• Please be aware that avian influenza has been confirmed in the Western Isles. Great Skua and Gannet are the worst affected currently but a range of other bird species can be infected. Please avoid contact with dead birds, give sick and dying birds space, keep dogs on leads and report all instances of five or more dead birds of one species to Defra (03459 335577).

  • When here in the Outer Hebrides and looking at a bird, have you ever wondered how rare it is? The status of all species can vary enormously from island to island. How rare is Shoveler on Barra, has Stock Dove been seen on Harris, does Dotterel occur on Benbecula in the autumn, and how common is Blue Tit on North Uist? Well, fret no longer! The Status and Distribution of birds here on the Outer Hebrides has been completely updated and summarised for every species and each of the main islands and outliers. Available as an online resource at https://status.outerhebrides-birdreports.org/ or via our shop

    New - now available as an ebook

National Rarity Bonaparte's Gull, South Uist, 2nd February 2013 by Yvonne Benting


OH Bird Recorder
Bonaparte's Gull
Near Stoneybridge, South Uist
2nd February 2013
by @YvonneB

I was on my own and spending the morning surveying Howbeg to Bornish for the annual winter goose count, taking in all the side roads. I headed down to the Ard Michael cemetery and couldn’t resist popping in to a small bay just before the cemetery – this is a regular stop-off point when I am in that location.

It was fairly quiet apart from a couple of Herring Gulls and a Common Gull loafing on the rocks and 5 Turnstone’s in amongst the seaweed. I spotted another bird, a couple of hundred yards away, on the water about 12 feet from the shore, feeding by picking items from the water. At first glance I thought Black-headed Gull but as BH Gulls are usually in short supply over the winter here, and because it was on it’s own I looked more closely and saw that it had a black bill – I immediately thought Bonaparte’s. It was easily aged as a first winter bird by the unmoulted wing feathers. These unmoulted feathers looked darker than than you would find on a Black-headed Gull. I have seen this species frequently in Canada where I have spent up to 6 months at a time running bird observatories and carrying out daily bird censuses.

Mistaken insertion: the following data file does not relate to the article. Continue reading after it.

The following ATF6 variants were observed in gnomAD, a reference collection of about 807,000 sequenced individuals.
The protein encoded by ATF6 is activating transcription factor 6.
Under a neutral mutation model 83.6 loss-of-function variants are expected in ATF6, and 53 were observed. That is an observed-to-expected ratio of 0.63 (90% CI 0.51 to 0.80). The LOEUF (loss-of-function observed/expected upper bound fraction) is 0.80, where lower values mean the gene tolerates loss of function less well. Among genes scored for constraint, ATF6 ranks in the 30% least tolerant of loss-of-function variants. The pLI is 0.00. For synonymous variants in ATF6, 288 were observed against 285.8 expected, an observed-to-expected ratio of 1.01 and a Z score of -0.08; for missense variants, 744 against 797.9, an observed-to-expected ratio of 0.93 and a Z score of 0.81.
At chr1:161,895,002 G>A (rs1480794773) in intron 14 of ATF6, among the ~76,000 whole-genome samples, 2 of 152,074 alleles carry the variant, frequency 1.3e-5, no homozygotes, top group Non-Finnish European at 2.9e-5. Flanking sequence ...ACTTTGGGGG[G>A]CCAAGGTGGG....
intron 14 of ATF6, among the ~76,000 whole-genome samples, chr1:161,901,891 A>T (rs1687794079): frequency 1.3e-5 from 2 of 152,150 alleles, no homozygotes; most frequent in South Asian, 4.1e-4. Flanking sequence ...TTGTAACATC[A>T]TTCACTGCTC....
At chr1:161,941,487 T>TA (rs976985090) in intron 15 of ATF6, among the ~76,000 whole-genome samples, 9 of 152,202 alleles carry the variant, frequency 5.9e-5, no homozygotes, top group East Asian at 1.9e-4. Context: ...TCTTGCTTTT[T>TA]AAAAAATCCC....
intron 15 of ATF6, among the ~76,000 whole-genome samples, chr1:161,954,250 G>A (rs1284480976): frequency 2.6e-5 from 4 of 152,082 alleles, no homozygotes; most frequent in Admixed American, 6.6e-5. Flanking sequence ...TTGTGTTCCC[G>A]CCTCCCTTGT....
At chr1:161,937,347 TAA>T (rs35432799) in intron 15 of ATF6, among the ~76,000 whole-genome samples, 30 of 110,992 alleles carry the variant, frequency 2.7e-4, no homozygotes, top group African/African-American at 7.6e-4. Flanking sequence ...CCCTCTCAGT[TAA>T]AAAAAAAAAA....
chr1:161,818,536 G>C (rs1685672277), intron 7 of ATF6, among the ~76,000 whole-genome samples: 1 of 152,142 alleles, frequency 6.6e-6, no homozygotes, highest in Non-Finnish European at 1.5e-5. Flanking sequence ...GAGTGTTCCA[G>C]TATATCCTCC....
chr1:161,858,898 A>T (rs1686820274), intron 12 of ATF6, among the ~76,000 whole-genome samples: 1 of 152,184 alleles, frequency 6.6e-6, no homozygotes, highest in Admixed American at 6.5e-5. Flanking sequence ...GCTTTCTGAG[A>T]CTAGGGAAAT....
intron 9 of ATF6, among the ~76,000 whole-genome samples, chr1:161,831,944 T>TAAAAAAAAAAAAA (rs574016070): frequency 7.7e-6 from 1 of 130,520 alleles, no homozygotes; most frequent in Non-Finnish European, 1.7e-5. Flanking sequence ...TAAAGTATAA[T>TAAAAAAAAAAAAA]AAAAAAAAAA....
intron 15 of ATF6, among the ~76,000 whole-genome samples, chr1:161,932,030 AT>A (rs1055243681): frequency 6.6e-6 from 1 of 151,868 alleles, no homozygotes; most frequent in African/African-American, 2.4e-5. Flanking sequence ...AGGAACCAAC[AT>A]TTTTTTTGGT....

I was unable to contact Andrew who I know had previously found this species in 2004 and lives fairly nearby, he was up in the hills doing some raptor survey work. I waited for a while to see if the gull would fly or come ashore so that I could see it’s leg colour but it didn’t and as I only had a certain amount of time to complete the goose count I took a photograph and returned to the survey.